The Ph.D. program requirements can be described briefly as follows:
A. Educational Foundation (21 credits):
Courses in research methodology and statistics as well as educational leadership and curriculum provide students with a theoretical and practical foundation in education.
B. Behavioral Science Core (24 credits):
To obtain knowledge and competency in areas such as individual differences and the biological, social, affective, and cognitive aspects of behavior students complete the following courses:
C. School Psychology Specialization (44 credits minimum):
The student must complete a program preparing him or her to assume leadership roles in the field of school psychology through practice in school systems, mental health centers, clinic, hospital, and private practice settings; and leadership positions in organizations relevant to psychology and education. To aid in the development of competency in the area of school psychology, the student must complete course work and practica in evidence-based interventions, psychological and educational measurement and evaluation, professional standards and ethics, cognitive and social aspects of behavior, theories and methods of assessment and diagnosis, and application of knowledge and skill in real-life contexts.
D. Subspecialization (6 credits):
The student will select an area of subspecialization in addition to the school psychology specialization and other program requirements. The subspecialization and corresponding courses are chosen in consultation with the student’s advisor and should emphasize the development of additional clinical skills or expertise in an area related to educational and/or psychological practice, research, or policy.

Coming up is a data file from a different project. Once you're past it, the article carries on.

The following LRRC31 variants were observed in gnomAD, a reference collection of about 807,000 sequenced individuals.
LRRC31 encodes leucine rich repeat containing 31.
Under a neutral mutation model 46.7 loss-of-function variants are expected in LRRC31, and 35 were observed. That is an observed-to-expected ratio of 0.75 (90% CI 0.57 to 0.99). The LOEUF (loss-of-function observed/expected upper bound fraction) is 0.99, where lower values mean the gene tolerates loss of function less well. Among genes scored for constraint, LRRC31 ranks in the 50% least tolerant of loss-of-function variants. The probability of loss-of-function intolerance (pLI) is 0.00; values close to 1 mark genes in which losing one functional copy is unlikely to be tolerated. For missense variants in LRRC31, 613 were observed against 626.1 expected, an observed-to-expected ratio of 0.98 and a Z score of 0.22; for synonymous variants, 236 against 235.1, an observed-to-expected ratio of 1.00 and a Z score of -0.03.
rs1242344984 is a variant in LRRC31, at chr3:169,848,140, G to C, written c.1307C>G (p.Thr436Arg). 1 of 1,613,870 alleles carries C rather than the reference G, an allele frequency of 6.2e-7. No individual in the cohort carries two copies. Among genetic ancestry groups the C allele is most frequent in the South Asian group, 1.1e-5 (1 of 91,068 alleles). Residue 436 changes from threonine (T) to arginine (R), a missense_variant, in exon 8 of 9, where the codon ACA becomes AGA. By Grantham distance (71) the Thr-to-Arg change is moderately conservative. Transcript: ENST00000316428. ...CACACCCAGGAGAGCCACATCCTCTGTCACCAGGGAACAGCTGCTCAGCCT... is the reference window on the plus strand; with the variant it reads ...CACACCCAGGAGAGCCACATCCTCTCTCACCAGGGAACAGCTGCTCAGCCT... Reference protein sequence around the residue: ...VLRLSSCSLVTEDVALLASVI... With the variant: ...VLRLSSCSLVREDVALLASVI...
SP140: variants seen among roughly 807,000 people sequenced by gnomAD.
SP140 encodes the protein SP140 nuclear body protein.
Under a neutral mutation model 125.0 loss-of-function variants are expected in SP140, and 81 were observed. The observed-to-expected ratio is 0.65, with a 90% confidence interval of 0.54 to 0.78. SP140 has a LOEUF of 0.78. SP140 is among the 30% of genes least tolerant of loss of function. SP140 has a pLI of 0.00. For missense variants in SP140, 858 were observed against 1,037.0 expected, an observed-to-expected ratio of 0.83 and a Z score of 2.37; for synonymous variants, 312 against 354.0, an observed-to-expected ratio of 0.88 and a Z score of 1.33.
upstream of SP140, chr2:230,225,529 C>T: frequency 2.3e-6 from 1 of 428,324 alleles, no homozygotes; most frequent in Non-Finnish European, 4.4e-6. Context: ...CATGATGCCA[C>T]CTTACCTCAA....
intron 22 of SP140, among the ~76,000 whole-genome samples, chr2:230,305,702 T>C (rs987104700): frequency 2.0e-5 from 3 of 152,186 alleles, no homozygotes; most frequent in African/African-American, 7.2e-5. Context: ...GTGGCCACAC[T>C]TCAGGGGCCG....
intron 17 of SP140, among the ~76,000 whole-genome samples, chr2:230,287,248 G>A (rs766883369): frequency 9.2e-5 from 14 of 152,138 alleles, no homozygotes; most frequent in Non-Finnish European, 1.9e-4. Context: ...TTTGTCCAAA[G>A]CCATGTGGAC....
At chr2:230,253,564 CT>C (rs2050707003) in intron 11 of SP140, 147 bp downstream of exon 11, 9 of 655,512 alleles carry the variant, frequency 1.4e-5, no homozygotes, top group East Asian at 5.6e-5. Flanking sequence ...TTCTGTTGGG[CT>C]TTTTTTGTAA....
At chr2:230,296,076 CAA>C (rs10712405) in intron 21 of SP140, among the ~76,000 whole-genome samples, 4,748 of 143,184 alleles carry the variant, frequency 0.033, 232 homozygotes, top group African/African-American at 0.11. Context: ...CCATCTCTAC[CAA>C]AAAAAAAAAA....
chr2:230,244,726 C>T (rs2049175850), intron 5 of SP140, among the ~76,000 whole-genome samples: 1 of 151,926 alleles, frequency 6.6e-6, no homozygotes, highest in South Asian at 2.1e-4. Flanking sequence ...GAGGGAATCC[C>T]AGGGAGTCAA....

E. Dissertation (18 credits minimum):
The student must successfully complete a dissertation on a topic related to school psychology approved by the student’s doctoral committee.
F. Internship (6 credits minimum):
The student must complete the equivalent of a one-year, full time pre-doctoral internship (2,000 hours) at a site approved by the individual’s doctoral committee, the director of internships, and the director of school psychology training. The internship will occur following completion of all required course work.
The program for each student will be planned jointly by the student, the advisor, and the doctoral committee and will include required course work in each of the areas noted above, required practica, and specialization practica. The student’s competencies, interests, and goals, as well as prior educational and/or clinical experiences will be considered in the planning of the sequence of practica, research experiences, and dissertation topic. The program will be subject to revision as the student’s strengths and needs are assessed and as he or she progresses through the program.
Courses in the 500 series are open to undergraduates as *400 series. Graduate students are required to do additional work of a research nature. A course taken at the 400 level may not be repeated at the 500 level.